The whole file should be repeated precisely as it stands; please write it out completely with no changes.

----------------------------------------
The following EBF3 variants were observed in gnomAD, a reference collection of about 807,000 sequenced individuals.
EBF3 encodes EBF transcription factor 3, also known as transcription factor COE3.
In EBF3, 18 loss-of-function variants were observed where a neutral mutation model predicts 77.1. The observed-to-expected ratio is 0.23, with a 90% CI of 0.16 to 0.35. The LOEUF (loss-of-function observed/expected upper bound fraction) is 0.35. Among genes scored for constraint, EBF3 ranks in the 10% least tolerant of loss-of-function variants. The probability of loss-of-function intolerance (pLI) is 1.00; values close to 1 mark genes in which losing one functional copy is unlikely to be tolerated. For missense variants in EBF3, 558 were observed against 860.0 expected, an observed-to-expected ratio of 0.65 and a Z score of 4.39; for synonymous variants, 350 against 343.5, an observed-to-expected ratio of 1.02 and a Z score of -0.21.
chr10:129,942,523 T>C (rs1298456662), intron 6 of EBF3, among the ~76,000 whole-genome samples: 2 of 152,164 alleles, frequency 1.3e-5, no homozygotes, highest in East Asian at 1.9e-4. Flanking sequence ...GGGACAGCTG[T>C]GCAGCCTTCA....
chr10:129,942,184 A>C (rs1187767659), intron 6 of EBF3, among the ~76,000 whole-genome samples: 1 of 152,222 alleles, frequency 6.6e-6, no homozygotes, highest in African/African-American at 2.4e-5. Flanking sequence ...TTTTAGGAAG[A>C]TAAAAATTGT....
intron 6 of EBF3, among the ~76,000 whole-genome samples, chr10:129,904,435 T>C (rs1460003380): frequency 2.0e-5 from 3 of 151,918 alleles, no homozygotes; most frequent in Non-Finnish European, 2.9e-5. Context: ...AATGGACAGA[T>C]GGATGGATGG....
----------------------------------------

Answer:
The following EBF3 variants were observed in gnomAD, a reference collection of about 807,000 sequenced individuals.
EBF3 encodes EBF transcription factor 3, also known as transcription factor COE3.
In EBF3, 18 loss-of-function variants were observed where a neutral mutation model predicts 77.1. The observed-to-expected ratio is 0.23, with a 90% CI of 0.16 to 0.35. The LOEUF (loss-of-function observed/expected upper bound fraction) is 0.35. Among genes scored for constraint, EBF3 ranks in the 10% least tolerant of loss-of-function variants. The probability of loss-of-function intolerance (pLI) is 1.00; values close to 1 mark genes in which losing one functional copy is unlikely to be tolerated. For missense variants in EBF3, 558 were observed against 860.0 expected, an observed-to-expected ratio of 0.65 and a Z score of 4.39; for synonymous variants, 350 against 343.5, an observed-to-expected ratio of 1.02 and a Z score of -0.21.
chr10:129,942,523 T>C (rs1298456662), intron 6 of EBF3, among the ~76,000 whole-genome samples: 2 of 152,164 alleles, frequency 1.3e-5, no homozygotes, highest in East Asian at 1.9e-4. Flanking sequence ...GGGACAGCTG[T>C]GCAGCCTTCA....
chr10:129,942,184 A>C (rs1187767659), intron 6 of EBF3, among the ~76,000 whole-genome samples: 1 of 152,222 alleles, frequency 6.6e-6, no homozygotes, highest in African/African-American at 2.4e-5. Flanking sequence ...TTTTAGGAAG[A>C]TAAAAATTGT....
intron 6 of EBF3, among the ~76,000 whole-genome samples, chr10:129,904,435 T>C (rs1460003380): frequency 2.0e-5 from 3 of 151,918 alleles, no homozygotes; most frequent in Non-Finnish European, 2.9e-5. Context: ...AATGGACAGA[T>C]GGATGGATGG....